But, as I said above, they are good in moderation. I don't think we can blame the overweight kid epidemic on video games... it may play a small part though. And as for them making kids withdrawn and increasing the problems they are already facing... I am just not buying it. There may be a very small factor but there are so many other variables that come into play with this that you cannot even begin to pin it all on video games.
 

Peartree

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And as for them making kids withdrawn and increasing the problems they are already facing... I am just not buying it. There may be a very small factor but there are so many other variables that come into play with this that you cannot even begin to pin it all on video games.
Please understand, I am not blaming video games for these kinds of problems in ALL children, simply that mine already suffer from developmental problems that tend to make them withdraw from other human beings. Video games, computer games, mp3 players, etc. all allow them to withdraw into their own private world which, for them, is the exact opposite of what they need to get better at interacting with humans. For average kids with normal development and good social skills I would simply recommend that parents set reasonable daily limits and stick to them.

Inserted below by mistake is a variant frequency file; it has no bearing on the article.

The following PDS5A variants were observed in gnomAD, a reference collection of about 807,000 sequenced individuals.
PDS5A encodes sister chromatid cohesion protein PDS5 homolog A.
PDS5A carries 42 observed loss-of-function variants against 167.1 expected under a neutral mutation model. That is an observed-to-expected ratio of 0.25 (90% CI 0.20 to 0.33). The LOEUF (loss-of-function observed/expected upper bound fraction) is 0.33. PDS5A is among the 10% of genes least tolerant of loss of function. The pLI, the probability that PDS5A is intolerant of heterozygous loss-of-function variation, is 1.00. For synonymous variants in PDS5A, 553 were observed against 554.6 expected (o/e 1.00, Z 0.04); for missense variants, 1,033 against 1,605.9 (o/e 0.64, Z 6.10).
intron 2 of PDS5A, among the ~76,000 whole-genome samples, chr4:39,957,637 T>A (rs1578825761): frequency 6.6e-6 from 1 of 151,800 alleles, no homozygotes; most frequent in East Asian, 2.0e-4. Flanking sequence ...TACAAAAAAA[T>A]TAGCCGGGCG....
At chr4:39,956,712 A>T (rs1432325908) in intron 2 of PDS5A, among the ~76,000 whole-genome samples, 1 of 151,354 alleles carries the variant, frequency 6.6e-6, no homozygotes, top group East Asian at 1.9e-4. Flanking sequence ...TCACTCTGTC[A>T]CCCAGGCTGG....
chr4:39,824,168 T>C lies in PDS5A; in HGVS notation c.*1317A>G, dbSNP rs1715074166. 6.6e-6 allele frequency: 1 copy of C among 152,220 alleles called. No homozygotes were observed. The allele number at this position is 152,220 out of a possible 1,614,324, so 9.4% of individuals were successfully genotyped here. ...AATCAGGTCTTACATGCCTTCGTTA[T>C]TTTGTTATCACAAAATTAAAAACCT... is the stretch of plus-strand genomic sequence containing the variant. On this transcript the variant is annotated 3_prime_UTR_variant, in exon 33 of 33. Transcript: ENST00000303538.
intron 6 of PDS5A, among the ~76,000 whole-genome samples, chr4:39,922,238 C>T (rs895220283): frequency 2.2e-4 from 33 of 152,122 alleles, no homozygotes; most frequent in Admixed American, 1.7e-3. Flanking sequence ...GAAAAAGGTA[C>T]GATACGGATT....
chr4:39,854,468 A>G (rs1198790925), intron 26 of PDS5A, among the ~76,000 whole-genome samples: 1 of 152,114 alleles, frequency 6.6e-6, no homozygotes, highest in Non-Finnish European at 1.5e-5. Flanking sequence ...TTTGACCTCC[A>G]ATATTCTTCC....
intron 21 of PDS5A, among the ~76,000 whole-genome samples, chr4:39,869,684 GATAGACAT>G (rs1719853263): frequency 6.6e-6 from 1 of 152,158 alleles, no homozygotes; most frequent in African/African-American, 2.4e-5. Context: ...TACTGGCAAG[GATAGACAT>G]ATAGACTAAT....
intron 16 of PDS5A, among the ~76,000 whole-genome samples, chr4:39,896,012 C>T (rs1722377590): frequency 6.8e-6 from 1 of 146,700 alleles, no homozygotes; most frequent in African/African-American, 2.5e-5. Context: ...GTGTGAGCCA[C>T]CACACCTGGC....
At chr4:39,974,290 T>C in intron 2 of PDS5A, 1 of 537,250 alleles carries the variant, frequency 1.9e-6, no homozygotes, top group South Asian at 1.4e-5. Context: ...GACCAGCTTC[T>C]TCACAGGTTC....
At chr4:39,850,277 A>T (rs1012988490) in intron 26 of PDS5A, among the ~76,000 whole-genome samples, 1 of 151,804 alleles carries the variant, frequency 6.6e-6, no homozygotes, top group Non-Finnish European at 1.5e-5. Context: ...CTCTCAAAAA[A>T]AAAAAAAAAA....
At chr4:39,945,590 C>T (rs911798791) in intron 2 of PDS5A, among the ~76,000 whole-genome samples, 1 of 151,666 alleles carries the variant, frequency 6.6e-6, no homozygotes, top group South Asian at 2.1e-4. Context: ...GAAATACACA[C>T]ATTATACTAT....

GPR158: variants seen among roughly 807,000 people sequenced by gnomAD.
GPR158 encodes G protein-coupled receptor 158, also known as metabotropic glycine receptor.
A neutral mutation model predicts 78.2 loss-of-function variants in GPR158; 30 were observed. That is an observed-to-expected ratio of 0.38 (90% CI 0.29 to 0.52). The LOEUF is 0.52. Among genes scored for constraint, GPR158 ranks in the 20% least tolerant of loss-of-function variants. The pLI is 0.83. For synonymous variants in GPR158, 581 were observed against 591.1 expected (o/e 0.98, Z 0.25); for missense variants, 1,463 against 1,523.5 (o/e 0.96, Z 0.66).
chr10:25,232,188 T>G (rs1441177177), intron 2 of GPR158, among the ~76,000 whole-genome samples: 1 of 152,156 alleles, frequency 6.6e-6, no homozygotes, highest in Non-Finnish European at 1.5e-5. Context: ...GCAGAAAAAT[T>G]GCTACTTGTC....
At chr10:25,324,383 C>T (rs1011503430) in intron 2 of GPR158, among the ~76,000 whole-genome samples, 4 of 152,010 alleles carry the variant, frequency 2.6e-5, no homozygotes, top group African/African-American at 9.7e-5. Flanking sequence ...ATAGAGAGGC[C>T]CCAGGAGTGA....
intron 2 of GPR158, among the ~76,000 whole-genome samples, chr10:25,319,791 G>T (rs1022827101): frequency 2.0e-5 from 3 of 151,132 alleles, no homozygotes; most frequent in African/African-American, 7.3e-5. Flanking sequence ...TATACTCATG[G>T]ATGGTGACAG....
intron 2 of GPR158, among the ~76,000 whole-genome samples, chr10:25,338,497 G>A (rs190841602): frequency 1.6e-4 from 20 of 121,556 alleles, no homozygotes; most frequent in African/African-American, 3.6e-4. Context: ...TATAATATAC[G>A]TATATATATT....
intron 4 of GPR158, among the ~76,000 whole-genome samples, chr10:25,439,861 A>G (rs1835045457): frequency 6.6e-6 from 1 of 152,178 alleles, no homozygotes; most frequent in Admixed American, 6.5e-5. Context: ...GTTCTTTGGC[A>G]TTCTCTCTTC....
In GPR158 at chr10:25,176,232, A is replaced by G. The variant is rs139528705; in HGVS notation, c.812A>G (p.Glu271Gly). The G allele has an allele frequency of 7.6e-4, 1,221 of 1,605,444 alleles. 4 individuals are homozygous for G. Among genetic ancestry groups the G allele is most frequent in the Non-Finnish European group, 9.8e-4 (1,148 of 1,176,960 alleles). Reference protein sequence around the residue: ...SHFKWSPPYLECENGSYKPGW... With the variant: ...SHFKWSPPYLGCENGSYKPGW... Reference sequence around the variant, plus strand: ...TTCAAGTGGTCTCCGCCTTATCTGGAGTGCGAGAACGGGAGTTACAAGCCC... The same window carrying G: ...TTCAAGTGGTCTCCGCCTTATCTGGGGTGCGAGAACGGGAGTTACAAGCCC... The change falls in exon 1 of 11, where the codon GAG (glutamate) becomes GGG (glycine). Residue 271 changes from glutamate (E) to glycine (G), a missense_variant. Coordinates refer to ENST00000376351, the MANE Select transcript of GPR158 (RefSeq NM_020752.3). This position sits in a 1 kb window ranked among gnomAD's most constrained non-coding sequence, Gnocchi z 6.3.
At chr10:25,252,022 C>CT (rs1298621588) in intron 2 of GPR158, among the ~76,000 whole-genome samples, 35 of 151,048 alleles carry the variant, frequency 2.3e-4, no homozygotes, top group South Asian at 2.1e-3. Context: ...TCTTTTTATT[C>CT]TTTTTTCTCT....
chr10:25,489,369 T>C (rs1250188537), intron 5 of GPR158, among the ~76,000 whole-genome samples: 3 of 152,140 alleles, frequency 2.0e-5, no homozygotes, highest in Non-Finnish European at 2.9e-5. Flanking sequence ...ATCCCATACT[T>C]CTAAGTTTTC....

JAL3

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As an undergrad, I had problems with computer based games. I would get so obsessed over them that I would let everythign else slide including grades. THey were really very primitive wargames by today's standards (hexes and unit symbols on stylized terrain).

I learned a lesson after a report card and unloaded the games. Now I don't even look at the adds because I know it will just get me sent to Fifth United Methodist Church of Possumtrot, TX as assitant groundskeeper.
 

Terry_TBR

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Please understand, I am not blaming video games for these kinds of problems in ALL children
Sorry if I took your prior comment as a generalization across the board. That was my fault.

JAL3 said:
As an undergrad, I had problems with computer based games. I would get so obsessed over them that I would let everythign else slide including grades. THey were really very primitive wargames by today's standards (hexes and unit symbols on stylized terrain).
There have been a few times that I have put off studying or doing homework to fire up a game and relax a bit. Luckily it has never been enough to affect my grade. But yeah... moderation is the key.